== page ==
The African Twist: East Africa's First Commercial Music

The African Twist: East Africa's First Commercial Music

African dance and music sensation the "African twist."

*photo of Mock Jazz Band. Ca. 1960. From ‘The Kaddu Wasswa Archive’.

By the early 1960s, gramophones were relatively available: you could buy one in an Indian dukka in Kampala, Ugandan for example. Equator Records opened in Nairobi, Kenya and pressed and distributed records all over East Africa. Equator's signature 'African Twist' recordings created the region's first major commercial music. Played sparely on acoustic guitars, this localized version of the American Twist was primarily influenced by Congolese Rhumba brass bands, American doo-wop and rock and roll, and traditional singing styles.

The Twist is a popular American style of dance defined by the hips and legs moving left to right. Chubby Checker shouting into the microphone 'Come on Baby, do the twist!' is both its namesake and inspiration. As Rock n' Roll played on gramophones in Nairobi, musicians began to imitate the rocking doo-wop beat on their acoustic guitars. In 1960 the British-born Charles Worrod took note and launched Equator Sound Studios, which would become the hub of the African twist. Below we detail some of the most well known African twist recordings.

Fadhili William, "Malaika"

William's rock and roll groove is the first known recorded version of this Swahili folk tune. A love song by a suitor who, even though in love, cannot pay the bride price for the girl, "Malaika" has become a notably popular song to record, including a cover by Miriam Makeba.

Daudi Kabaka, "African Twist"

This is the definitive sound of 1960s Equator Records. Though playful-sounding on this track, singer/guitarist Daudi Kabaka of the Equator Sound Band was known for his use of political lyrics.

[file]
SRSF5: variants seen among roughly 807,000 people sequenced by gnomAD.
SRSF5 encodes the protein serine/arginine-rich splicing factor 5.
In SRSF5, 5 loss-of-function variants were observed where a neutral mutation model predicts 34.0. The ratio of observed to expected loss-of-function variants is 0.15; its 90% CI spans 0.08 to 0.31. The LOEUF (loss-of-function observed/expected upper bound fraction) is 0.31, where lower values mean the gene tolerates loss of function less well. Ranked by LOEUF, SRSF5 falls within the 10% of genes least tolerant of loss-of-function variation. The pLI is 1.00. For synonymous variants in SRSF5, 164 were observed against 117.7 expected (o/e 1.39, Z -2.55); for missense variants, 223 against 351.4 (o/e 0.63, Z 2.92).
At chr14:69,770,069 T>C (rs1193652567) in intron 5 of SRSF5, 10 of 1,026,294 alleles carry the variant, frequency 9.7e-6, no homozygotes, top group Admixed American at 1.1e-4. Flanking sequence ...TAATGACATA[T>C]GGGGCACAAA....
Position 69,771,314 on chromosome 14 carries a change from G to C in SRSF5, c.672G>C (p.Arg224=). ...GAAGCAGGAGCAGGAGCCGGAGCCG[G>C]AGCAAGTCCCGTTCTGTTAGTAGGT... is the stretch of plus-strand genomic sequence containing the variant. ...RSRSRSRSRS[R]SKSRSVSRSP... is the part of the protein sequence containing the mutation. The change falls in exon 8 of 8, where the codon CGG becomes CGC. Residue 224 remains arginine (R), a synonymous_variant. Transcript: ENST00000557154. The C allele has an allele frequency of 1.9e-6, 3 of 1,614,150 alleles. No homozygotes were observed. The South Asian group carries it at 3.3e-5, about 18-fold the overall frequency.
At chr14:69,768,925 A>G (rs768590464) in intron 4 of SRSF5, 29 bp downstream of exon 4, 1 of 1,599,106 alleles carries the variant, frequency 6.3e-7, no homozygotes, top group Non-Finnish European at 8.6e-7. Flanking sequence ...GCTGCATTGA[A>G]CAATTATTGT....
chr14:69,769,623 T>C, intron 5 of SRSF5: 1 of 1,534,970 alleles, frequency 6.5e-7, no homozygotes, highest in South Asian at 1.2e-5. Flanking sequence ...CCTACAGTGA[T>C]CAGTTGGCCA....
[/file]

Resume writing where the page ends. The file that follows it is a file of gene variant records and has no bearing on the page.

Fred Masagazi, "Atanawa Musolo"

The most iconic Ugandan musician of the twist era, Fred Masagazi's music was defined by both his traditional vocals as well as his unique rhumba-fusing style of guitar rock.

Daudi Kabaka, "Helule Helule" (1966)

Kabaka's Swahili recording borrows heavily from traditional Kenyan singing. The track's rootsy feeling is reminiscent of the early 1960s music Miriam Makeba made with Harry Belafonte. The British beat group the Tremeloes recorded a cover of the track in English two years later.

Moses Katazza & Frida Sonko, "Nona Ente Yo" (1966)

In what could serve as the archetypal soundtrack to a 1960s romance film, this doo-wop-like call and response ode to love and marriage features Nairobi's Equator Sound Band backing the Ugandan duo.

Daudi Kabaka, "Harambee Harambee"

Kabaka's anthem is known for having popularized Kenyan President Jomo Kenyatta's advocacy for rural development. Masses could be found dancing at political rallies to Kabaka's slightly faster take on the Twist.